The Prelude taken from TV Bulpin’s “Lost Trails on the Lowveld”
First Published in 1950 by Howard Ti8mmins, Cape Town
Although the demise of the tsetse fly has in allowed for extensive changes to the Lowveld, due to the subsequent and inevitable settling of man – both pioneers and tribal communities, the region still sings of the images of old as described above in the famed book “Lost trails of the Lowveld” by renowned historian and publisher, TV Bulpin.
It is still in many ways and relative to the modern developments of South Africa, an area of extensive wilderness and home to a myriad of the animals, birds, plants and reptiles that have filled the imaginations of hunters, traders and authors alike for many a century in Africa.
Not only is the Lowveld home to the world renown Kruger National Park – but it is also home to the largest privately owned conservation area in the world. This entails private nature reserves and conglomerations such as Sabi Sands, The Timbavati, Klaserie and Umbabat Reserves, Olifants Nature Reserve, Balule, Selati, Harmony, Makalali, Thornybush, Kapama, Blue Canyon Conservancy and much much more.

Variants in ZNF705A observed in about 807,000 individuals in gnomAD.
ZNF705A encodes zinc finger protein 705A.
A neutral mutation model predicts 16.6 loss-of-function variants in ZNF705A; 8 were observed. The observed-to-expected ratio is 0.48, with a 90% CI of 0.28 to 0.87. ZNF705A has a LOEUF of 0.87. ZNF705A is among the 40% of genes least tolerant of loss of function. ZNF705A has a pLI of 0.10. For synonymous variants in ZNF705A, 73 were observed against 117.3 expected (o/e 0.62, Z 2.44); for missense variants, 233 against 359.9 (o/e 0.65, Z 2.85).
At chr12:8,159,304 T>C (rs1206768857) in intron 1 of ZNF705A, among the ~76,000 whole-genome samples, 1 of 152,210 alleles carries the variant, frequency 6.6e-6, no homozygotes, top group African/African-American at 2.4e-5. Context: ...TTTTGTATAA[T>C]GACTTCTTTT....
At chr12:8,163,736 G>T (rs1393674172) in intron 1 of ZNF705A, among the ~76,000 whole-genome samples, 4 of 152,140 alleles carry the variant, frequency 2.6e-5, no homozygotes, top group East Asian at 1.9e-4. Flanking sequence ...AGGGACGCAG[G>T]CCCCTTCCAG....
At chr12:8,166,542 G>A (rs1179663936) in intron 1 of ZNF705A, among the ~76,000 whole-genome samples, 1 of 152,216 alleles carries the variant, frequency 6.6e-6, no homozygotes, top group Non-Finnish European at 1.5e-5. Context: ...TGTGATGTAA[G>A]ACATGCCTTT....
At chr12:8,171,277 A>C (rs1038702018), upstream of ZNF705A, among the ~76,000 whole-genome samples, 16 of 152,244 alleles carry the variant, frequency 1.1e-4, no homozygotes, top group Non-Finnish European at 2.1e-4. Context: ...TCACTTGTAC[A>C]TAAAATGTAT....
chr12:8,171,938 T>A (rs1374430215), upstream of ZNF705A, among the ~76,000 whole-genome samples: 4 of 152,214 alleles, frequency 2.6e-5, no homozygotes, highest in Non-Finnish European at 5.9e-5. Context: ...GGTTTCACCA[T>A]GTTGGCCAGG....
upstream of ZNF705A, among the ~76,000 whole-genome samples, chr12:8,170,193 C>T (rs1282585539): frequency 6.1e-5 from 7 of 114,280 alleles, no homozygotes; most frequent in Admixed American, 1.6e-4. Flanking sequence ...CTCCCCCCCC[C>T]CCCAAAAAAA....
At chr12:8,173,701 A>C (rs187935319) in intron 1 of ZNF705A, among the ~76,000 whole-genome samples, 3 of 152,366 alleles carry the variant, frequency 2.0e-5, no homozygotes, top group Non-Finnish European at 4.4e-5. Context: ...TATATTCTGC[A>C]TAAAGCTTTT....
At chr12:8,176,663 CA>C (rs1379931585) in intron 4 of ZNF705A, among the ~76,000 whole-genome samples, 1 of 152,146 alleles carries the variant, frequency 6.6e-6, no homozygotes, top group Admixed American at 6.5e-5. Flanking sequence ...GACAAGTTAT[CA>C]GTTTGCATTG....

The modern day Lowveld is of its own, a patchwork quilt with a enigmatic pattern of landuses, vegetation types and settlements. From the national and provincial parks, to the private reserves, conservation and tourism play a dominant role in the area, this is followed by agriculture (mainly mango and citrus in the central region, avo’s and nuts further south and sugar cane in the deep southern region). The escarpment edges are lined with commercial forestry plantations, blending into small reserved patches of indigenous forests, mountain edges, waterfalls, river gorges and plundering pools. Mining too has established a strong hold in this colourful area of active development and intermingled amongst all of this is a range of settlements although the majority are areas of extreme and high poverty with typical African rural households, they extend to smaller regions of more affluent and established homes and settlements.
This mix of wilderness and settlements of mountain escarpments and savannah grasslands, of waterfalls, river gorges and dry open plains, greats an entire universe in one region. You will find no shortage of activities to be done, vistas to be marveled at, people to meet and scenes to be remembered when you visit the Lowveld.
Just as it created wonder, awe and inspiration to those initial visitors centuries ago, so it will not fail to do the same to you and will leave you far wiser for the experience and having felt the ability to reconnect to a history, to remove yourself from the boardroom, your planning schedule and the daily school runs and to take yourself back to a time of instinct and survival where nature ruled your days activities and your ability to live another day.